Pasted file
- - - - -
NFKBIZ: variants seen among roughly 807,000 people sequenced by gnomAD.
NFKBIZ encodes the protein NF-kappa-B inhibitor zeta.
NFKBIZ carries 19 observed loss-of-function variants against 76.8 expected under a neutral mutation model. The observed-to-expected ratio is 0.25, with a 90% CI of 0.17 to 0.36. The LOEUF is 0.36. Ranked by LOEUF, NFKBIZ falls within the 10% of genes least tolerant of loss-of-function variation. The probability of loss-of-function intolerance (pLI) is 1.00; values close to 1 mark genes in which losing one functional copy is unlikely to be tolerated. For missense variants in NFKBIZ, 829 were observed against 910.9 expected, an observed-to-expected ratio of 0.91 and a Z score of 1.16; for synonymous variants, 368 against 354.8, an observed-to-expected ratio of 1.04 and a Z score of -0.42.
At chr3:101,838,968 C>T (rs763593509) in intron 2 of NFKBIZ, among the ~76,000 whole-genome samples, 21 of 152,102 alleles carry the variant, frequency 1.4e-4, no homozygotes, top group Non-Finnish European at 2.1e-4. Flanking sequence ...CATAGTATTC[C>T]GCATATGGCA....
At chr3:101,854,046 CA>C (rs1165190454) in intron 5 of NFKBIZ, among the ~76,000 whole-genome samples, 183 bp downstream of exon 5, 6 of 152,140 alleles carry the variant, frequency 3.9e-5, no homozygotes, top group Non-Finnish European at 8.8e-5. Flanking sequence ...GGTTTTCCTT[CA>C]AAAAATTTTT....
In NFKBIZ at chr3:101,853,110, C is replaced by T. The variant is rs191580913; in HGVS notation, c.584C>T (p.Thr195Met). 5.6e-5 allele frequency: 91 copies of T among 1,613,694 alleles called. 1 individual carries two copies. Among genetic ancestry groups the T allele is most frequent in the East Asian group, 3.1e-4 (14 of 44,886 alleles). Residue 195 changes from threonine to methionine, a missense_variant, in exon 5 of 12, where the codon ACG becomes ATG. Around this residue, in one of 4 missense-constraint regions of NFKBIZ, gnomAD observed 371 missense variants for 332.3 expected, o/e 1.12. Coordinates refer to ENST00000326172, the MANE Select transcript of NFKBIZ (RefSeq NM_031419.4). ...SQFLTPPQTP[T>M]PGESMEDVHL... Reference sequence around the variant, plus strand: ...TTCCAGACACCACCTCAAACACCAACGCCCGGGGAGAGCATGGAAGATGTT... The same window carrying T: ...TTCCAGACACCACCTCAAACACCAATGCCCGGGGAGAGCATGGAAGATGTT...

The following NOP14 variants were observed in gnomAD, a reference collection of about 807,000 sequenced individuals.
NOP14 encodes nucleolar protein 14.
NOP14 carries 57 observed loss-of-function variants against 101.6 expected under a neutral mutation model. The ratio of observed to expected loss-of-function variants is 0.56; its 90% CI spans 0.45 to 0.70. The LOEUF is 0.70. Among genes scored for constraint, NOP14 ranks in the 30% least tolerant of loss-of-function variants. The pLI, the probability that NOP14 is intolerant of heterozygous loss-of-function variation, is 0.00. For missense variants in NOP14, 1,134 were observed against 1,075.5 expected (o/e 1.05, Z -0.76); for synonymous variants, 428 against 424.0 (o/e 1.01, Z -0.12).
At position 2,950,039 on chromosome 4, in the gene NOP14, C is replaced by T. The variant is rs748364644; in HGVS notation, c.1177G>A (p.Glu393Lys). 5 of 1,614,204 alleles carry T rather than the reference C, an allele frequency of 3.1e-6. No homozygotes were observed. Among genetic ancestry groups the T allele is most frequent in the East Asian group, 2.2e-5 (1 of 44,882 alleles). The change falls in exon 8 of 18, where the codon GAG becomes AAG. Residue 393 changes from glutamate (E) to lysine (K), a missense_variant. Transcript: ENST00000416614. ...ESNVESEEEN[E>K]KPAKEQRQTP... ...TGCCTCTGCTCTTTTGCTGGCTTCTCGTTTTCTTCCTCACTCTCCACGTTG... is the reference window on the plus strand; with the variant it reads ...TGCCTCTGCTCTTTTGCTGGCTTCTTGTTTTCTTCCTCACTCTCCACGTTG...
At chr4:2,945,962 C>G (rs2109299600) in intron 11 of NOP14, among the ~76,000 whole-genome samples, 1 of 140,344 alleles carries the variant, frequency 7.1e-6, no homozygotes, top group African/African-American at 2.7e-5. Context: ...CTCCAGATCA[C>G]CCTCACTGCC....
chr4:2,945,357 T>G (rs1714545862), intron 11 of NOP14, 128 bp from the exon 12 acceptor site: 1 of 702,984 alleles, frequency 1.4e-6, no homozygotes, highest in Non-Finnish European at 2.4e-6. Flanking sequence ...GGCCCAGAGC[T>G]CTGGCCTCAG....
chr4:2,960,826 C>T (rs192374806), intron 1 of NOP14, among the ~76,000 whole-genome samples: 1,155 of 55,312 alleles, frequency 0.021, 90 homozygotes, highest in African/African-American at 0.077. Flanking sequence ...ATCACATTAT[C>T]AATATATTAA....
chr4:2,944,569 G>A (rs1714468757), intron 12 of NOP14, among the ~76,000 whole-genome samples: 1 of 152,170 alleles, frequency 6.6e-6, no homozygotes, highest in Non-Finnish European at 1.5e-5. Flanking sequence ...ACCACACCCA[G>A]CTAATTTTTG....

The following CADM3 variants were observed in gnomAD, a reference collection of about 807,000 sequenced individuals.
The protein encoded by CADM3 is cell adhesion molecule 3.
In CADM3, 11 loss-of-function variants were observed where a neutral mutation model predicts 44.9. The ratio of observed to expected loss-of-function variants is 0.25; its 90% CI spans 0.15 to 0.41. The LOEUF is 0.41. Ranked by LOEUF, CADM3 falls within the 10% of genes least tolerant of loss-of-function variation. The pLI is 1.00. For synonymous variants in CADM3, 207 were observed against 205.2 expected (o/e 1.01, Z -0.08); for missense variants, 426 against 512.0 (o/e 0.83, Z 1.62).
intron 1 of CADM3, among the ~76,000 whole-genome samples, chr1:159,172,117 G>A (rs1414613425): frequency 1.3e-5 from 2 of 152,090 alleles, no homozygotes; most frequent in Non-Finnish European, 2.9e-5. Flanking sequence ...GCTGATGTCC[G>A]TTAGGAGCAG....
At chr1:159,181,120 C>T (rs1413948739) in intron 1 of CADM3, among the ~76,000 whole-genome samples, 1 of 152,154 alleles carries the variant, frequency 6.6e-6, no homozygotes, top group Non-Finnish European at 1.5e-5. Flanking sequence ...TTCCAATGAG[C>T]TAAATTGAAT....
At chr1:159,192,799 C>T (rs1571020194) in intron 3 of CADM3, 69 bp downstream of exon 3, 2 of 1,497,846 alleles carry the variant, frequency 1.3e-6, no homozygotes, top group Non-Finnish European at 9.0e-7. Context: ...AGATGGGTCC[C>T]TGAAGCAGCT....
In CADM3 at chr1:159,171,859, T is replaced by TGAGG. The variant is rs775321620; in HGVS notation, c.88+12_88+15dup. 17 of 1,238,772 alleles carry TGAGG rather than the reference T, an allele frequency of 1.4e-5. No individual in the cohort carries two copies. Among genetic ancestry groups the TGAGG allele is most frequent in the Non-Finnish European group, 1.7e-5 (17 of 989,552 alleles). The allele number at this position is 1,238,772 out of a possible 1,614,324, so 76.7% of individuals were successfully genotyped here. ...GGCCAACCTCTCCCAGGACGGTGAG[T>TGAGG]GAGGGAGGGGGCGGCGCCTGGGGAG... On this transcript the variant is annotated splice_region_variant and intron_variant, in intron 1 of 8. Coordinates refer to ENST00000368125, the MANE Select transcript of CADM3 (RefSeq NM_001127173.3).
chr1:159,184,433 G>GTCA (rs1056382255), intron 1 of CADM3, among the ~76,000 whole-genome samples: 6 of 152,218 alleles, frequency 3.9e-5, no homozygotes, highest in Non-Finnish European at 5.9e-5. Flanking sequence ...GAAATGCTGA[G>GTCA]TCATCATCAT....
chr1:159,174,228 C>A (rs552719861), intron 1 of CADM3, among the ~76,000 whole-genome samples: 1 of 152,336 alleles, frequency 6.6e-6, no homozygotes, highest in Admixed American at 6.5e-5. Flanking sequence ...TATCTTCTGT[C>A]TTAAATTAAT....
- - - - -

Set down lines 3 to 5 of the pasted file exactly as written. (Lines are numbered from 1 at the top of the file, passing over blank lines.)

NFKBIZ carries 19 observed loss-of-function variants against 76.8 expected under a neutral mutation model. The observed-to-expected ratio is 0.25, with a 90% CI of 0.17 to 0.36. The LOEUF is 0.36. Ranked by LOEUF, NFKBIZ falls within the 10% of genes least tolerant of loss-of-function variation. The probability of loss-of-function intolerance (pLI) is 1.00; values close to 1 mark genes in which losing one functional copy is unlikely to be tolerated. For missense variants in NFKBIZ, 829 were observed against 910.9 expected, an observed-to-expected ratio of 0.91 and a Z score of 1.16; for synonymous variants, 368 against 354.8, an observed-to-expected ratio of 1.04 and a Z score of -0.42.
At chr3:101,838,968 C>T (rs763593509) in intron 2 of NFKBIZ, among the ~76,000 whole-genome samples, 21 of 152,102 alleles carry the variant, frequency 1.4e-4, no homozygotes, top group Non-Finnish European at 2.1e-4. Flanking sequence ...CATAGTATTC[C>T]GCATATGGCA....
At chr3:101,854,046 CA>C (rs1165190454) in intron 5 of NFKBIZ, among the ~76,000 whole-genome samples, 183 bp downstream of exon 5, 6 of 152,140 alleles carry the variant, frequency 3.9e-5, no homozygotes, top group Non-Finnish European at 8.8e-5. Flanking sequence ...GGTTTTCCTT[CA>C]AAAAATTTTT....